2
\$\begingroup\$

This code mimics the "likes" tooltip from Facebook.

Given an array with the list of users that liked the content, it shows the first n users and displays a final item with the count of the users not shown.

It works as expected, but I'm sure it could be better written.

<?  if ($count = $this->likes->count()) { 
        $visible = 12;
        $hidden = $count > $visible ? $count - $visible : 0;
?>
        <div class="likes_detail">
<?      $r = 0;
        foreach ($this->likes as $like) {
?>
            <span><?= $like->name ?></span>
<?          $r++;
            if ($r >= $visible) { break; };
        }
        if ($count > $visible) { 
?>
            <span class="more_users">and <?= $hidden ?> more&hellip;</span>
<?      } ?>
        </div>
<?  } ?>

Edit: Removed revised code after reading this meta post.

\$\endgroup\$
2
\$\begingroup\$
<?  if ($count = $this->likes->count()) { 

It is more common to use the long form of the opening tag. The second tag is only optionally supported by PHP installations. Also, it can suddenly stop working if your host adjusts the configuration (possibly accidentally during an upgrade).

<?php
    if ($count = $this->likes->count()) {

It's also more common to put the code on a new line after the opening tag. Unless you're opening and closing the PHP block on the same line.

If you're interested, there is a PHP Coding Standard. Personally I don't always follow it, but I find it a good way to make decisions on issues that aren't important to me. It also makes your code more portable.

            if ($r >= $visible) { break; };

I'd break this up into multiple lines for readability.

            if ($r >= $visible) {
                break;
            }

The final semi-colon is unnecessary there. It doesn't harm anything (perhaps a wasted clock cycle on the null instruction), but neither does it contribute anything.

        if ($count > $visible) { 

I might write this as

        if ( $hidden > 0 ) { 

The reason being that you then go on to output $hidden. You also might consider moving the definition of $hidden to be directly before this if statement. That puts all the code related to $hidden together and makes it easier to follow the logic.

Alternately, you could stay with the original if and replace $hidden with $count - $visibility. Then you don't need to define $hidden at all.

\$\endgroup\$
  • \$\begingroup\$ Thanks for the link. We have our own standard that is slightly more compact and still quite readable. You are right about the $hidden variable. The part I was unsure of was using foreach with a if x break sentence. \$\endgroup\$ – Lando Mar 11 '15 at 14:43
1
\$\begingroup\$

Without going into the content of your code, I don't like the intermingling of HTML and PHP. Perhaps it's me? I would write your code something like this:

if ($count = $this->likes->count()) { 
    $visible = 12;
    $hidden  = $count > $visible ? $count - $visible : 0;
    echo '<div class="likes_detail">'.PHP_EOL;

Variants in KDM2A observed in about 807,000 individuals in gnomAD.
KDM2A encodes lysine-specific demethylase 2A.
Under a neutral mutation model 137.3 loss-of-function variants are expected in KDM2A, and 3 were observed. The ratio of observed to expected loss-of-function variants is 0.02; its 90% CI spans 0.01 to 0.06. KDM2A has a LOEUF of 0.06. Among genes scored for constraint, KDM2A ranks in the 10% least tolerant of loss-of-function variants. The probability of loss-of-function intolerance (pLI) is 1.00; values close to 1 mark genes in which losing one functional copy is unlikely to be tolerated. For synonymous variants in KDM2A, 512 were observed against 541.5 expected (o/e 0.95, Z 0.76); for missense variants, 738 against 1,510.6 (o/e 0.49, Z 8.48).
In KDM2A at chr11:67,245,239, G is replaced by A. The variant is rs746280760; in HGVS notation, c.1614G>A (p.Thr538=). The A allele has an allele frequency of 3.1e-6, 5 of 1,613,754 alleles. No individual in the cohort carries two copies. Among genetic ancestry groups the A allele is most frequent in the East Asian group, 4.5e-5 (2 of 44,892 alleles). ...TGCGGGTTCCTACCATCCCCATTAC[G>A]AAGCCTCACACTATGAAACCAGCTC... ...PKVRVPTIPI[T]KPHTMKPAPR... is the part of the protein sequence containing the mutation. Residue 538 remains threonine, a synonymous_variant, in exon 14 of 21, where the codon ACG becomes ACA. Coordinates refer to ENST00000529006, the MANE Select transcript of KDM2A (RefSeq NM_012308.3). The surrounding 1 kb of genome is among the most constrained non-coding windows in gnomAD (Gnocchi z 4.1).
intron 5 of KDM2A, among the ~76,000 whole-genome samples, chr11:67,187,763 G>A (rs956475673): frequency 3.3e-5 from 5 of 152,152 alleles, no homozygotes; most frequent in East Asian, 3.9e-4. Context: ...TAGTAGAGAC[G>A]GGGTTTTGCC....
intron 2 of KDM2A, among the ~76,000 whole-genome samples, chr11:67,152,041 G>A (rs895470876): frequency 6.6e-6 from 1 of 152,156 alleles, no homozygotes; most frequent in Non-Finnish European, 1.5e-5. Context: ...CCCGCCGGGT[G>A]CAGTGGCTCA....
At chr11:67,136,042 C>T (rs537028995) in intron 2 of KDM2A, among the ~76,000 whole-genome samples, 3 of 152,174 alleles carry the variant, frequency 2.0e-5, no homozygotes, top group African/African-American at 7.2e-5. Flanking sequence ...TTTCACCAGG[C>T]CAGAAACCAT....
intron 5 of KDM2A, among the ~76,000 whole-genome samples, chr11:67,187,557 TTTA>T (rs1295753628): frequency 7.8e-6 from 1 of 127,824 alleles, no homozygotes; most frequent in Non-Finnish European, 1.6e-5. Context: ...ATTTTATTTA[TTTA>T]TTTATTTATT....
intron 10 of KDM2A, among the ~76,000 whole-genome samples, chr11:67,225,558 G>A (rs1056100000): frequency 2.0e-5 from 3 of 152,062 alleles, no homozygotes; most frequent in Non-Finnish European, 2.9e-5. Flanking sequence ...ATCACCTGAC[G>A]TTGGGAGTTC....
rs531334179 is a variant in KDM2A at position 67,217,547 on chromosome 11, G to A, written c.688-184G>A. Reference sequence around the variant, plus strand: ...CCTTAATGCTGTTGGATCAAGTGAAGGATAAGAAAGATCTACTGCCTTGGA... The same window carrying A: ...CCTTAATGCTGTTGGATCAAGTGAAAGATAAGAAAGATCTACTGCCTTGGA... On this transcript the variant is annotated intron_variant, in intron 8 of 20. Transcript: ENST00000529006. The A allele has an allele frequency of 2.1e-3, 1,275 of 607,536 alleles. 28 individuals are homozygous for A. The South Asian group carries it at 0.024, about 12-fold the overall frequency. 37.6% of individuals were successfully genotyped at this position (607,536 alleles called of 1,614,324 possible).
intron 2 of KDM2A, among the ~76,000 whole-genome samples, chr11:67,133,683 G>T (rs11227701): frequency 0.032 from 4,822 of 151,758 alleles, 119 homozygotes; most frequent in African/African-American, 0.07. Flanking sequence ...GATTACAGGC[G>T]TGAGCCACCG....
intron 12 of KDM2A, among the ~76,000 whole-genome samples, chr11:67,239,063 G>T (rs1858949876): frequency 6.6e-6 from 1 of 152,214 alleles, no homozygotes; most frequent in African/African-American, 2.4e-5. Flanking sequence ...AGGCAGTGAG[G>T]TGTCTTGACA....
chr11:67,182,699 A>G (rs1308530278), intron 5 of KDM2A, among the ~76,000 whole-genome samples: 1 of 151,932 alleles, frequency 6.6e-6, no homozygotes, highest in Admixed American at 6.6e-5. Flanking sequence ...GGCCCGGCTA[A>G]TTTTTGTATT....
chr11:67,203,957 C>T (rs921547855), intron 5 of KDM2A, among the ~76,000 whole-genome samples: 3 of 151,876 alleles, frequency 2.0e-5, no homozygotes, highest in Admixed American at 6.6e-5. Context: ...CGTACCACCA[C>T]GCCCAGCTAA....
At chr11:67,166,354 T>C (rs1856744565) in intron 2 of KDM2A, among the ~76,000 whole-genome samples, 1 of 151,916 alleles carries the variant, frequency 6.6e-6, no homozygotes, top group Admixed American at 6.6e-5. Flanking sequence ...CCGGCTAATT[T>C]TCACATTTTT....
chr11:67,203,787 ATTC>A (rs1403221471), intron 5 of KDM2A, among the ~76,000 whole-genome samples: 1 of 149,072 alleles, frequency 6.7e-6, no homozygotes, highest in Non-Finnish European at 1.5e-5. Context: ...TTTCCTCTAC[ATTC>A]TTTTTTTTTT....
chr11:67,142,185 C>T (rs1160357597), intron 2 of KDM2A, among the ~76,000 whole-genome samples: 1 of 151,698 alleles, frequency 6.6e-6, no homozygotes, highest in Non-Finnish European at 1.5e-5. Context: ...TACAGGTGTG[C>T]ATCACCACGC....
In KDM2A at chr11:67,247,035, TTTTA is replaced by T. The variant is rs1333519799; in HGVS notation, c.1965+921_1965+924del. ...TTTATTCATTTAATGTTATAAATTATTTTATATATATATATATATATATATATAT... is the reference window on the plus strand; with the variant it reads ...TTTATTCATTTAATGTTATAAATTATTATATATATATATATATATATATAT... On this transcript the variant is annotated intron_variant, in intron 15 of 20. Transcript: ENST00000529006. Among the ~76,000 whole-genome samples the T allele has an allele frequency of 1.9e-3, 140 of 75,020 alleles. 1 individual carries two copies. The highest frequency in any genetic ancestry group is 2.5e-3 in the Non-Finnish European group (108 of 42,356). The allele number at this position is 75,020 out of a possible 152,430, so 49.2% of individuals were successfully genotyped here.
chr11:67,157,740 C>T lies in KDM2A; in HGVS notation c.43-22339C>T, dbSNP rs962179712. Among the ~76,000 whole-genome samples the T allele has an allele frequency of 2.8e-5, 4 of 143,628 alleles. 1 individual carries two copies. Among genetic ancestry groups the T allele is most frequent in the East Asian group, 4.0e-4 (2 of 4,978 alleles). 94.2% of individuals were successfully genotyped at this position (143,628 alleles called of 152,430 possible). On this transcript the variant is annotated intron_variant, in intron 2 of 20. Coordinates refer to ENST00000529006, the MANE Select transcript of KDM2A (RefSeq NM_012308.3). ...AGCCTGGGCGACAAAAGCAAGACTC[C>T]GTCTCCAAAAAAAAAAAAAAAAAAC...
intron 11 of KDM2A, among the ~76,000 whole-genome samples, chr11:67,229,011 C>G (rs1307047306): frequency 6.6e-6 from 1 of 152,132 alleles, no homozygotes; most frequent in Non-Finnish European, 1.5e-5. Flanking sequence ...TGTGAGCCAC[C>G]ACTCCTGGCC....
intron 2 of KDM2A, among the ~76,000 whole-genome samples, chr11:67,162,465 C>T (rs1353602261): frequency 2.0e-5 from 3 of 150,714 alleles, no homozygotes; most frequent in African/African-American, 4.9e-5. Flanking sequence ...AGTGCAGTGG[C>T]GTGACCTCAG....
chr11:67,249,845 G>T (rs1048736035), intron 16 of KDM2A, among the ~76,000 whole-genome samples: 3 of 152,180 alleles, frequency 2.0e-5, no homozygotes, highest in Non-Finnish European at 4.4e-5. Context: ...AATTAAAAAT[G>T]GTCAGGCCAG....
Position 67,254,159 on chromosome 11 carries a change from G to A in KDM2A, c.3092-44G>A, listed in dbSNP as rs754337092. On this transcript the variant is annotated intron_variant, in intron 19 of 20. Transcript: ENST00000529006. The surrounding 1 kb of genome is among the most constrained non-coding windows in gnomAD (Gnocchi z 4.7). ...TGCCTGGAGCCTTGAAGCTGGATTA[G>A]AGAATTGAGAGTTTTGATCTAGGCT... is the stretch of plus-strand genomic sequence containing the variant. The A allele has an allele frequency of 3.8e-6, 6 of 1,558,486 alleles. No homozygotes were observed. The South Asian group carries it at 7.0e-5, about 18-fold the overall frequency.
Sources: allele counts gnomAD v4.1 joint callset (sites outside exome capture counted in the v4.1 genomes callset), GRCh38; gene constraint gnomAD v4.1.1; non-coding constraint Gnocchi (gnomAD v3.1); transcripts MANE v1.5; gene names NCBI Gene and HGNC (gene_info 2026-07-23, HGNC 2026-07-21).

$r = 0;
    foreach ($this->likes as $like) {
        echo "<span>{$like->name}</span> ".PHP_EOL;
        $r++;
        if ($r >= $visible) break; 
    }
    if ($count > $visible) { 
        echo '<span class="more_users">and '.$hidden.' more&hellip;</span>'.PHP_EOL;
    } 
    echo '</div>'.PHP_EOL;
}

Now I probably would not use echo's all over the place, and I would explain my code in comments. Why $visible = 12; for instance? It might be obvious to you, but I have not idea. Ah, there will be a maximum of 12 visible names! So, let's restructure this:

// set the maximum of names to display
$maxNames = 12; 
// if there are any likes we display them
if ($total = $this->likes->count()) { 
    // get the maximum number names of likes, or less
    foreach ($this->likes as $like) {
        $names[] = $like->name;
        if (count($names) == $maxNames) break; 
    }
    // generate html output
    echo '<div class="likes_detail"><span>'.implode('</span> <span>',$names).'</span>';
    if ($total > $maxNames) {
        echo '<span class="more_users">and '.($total-$maxNames).' more&hellip;</span>';
    }
    echo '</div>';
}

I've tried to seperate the processing of information from the HTML output, but since this is such a short piece of code, there's only so much I can do. Is this code part of a method in a class? Or is it just hanging out there somewhere in a HTML generating page? I use a HTML support class to create HTML. This prevents many common errors in HTML. The output section would look something like this:

    // push likes names into html
    $likesTag = $bodyTag->division('likes_detail');
    foreach ($names as $name) $likesTag->span('',$name.' ');
    if ($total > $maxNames) {
        $likesTag->span('more_users','and '.($total-$maxNames).' more&hellip;');
    }

This also means I don't have to worry about what is PHP and what is HTML, I can work in pure PHP. It makes for cleaner code, and fewer HTML errors.

\$\endgroup\$
  • \$\begingroup\$ We like to keep the HTML output as separated from the PHP logic as we can. This way we generate valid HTML and can see most of the errors or unclosed tags inside the editor, it also generates a tidier output that is easier to audit. We also use comments but I removed them for the sake of brevity ;-). As I said before the part I was unsure of was using foreach with a if x break sentence \$\endgroup\$ – Lando Mar 11 '15 at 15:12

Your Answer

By clicking “Post Your Answer”, you agree to our terms of service, privacy policy and cookie policy

Not the answer you're looking for? Browse other questions tagged or ask your own question.